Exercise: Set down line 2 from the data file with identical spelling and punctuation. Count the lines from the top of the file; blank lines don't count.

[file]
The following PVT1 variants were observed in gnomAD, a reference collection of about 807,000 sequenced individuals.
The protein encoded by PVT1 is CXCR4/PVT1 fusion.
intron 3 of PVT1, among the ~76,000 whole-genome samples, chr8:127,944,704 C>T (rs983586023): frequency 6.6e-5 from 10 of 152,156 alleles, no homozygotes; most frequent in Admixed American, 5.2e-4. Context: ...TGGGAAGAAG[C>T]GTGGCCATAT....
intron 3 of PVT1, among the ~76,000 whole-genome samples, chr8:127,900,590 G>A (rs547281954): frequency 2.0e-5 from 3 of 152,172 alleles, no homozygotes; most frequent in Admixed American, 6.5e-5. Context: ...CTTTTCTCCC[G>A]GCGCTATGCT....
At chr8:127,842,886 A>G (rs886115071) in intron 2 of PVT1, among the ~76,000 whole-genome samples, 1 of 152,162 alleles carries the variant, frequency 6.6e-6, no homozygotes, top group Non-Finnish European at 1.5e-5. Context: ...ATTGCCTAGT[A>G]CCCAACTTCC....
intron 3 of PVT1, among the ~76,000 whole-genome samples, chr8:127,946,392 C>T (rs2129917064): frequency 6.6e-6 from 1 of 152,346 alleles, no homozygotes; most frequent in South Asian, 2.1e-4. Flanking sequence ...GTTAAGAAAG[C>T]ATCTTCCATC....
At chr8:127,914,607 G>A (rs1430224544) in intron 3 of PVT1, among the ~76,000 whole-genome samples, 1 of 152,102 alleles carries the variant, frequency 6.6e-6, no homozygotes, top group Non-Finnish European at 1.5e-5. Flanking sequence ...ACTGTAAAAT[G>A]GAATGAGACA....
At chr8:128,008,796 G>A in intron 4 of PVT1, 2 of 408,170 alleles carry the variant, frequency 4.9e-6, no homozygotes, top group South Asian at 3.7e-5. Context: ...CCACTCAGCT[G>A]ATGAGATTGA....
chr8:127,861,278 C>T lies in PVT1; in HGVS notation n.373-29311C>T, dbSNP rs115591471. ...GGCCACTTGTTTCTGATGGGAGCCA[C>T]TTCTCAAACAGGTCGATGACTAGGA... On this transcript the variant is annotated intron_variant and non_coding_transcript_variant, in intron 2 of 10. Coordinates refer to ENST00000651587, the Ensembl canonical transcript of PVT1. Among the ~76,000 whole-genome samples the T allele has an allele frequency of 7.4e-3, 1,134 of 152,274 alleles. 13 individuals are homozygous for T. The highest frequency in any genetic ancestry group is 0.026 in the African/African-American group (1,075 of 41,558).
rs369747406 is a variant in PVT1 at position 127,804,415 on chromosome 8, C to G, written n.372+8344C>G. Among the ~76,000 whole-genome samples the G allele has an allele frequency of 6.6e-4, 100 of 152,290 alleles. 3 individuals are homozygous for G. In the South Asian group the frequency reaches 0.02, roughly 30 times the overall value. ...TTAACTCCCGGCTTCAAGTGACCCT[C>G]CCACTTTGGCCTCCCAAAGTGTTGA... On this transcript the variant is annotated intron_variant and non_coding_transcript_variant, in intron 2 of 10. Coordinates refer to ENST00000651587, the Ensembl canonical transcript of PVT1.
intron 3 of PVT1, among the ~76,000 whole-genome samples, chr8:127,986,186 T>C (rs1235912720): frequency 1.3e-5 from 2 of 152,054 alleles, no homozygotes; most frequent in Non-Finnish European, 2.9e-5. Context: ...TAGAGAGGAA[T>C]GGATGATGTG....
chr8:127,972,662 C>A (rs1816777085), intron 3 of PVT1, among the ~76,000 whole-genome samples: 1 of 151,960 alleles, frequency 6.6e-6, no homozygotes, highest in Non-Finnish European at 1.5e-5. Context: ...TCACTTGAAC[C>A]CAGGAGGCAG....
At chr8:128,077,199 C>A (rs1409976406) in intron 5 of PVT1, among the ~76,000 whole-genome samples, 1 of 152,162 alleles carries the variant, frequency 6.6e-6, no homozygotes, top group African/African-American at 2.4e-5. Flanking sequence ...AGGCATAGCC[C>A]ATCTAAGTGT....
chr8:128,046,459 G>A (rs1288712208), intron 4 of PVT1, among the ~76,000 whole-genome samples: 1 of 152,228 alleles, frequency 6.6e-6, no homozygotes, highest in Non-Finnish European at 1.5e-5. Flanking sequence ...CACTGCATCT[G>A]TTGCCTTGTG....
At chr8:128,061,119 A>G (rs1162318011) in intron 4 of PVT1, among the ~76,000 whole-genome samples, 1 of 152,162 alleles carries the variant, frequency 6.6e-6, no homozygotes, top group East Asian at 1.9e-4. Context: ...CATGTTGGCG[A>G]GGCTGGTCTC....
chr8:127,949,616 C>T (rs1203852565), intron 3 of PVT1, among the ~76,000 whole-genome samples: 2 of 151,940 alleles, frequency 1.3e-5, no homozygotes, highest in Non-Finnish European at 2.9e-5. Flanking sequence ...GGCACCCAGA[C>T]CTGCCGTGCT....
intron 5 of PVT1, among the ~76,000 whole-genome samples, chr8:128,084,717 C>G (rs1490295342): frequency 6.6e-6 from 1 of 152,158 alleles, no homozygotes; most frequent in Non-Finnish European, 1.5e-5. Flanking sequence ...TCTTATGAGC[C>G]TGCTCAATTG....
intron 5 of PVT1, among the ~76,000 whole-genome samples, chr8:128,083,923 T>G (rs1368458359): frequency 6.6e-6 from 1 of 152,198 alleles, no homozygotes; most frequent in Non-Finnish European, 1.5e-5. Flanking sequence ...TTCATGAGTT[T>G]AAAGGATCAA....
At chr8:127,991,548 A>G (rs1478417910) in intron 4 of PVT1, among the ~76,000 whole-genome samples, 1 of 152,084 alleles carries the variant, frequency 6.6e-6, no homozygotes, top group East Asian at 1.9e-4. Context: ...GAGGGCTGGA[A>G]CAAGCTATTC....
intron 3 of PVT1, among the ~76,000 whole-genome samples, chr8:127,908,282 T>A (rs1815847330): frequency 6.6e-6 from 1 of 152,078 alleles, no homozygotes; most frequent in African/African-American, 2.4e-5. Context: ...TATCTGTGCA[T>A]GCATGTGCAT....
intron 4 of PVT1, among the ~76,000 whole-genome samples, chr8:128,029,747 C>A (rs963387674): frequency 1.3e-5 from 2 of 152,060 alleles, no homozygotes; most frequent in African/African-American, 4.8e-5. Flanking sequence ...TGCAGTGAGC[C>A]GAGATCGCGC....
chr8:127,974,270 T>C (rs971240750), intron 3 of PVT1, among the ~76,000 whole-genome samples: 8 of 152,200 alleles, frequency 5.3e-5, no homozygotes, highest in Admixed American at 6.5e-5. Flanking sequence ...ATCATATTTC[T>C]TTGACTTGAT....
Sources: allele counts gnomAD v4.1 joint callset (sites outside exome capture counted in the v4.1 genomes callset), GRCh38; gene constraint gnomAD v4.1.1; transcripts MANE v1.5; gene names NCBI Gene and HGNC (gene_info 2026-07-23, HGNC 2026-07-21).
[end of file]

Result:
The protein encoded by PVT1 is CXCR4/PVT1 fusion.